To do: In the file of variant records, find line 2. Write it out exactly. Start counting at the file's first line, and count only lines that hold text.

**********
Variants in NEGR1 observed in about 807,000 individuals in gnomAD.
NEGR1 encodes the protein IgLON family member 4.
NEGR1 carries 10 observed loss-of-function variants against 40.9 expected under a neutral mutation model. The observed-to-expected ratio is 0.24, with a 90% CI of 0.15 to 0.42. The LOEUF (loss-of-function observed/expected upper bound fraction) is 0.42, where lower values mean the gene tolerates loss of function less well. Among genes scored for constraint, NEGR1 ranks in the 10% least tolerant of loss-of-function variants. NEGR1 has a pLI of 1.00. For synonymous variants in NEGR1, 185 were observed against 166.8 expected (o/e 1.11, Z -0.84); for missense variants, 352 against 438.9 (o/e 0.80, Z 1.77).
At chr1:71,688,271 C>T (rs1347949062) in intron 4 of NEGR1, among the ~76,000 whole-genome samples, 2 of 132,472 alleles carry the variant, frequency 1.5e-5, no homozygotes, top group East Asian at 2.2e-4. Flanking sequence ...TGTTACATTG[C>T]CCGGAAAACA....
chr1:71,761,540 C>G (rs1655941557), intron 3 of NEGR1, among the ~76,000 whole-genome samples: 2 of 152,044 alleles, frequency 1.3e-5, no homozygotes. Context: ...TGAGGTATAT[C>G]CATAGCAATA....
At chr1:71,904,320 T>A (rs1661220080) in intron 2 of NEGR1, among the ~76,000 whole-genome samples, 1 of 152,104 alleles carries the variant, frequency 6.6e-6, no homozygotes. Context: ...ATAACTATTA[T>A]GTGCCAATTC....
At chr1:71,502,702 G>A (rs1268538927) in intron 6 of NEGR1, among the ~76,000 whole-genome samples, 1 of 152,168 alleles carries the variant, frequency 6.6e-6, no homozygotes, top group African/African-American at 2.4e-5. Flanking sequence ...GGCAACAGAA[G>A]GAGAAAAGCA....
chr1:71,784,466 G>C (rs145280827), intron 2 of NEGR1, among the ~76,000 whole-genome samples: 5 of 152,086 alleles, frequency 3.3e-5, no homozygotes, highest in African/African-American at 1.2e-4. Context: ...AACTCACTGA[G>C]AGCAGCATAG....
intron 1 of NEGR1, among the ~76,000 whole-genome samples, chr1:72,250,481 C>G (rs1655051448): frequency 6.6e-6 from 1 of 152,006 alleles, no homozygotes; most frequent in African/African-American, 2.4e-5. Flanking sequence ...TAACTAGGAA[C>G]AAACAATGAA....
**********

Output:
NEGR1 encodes the protein IgLON family member 4.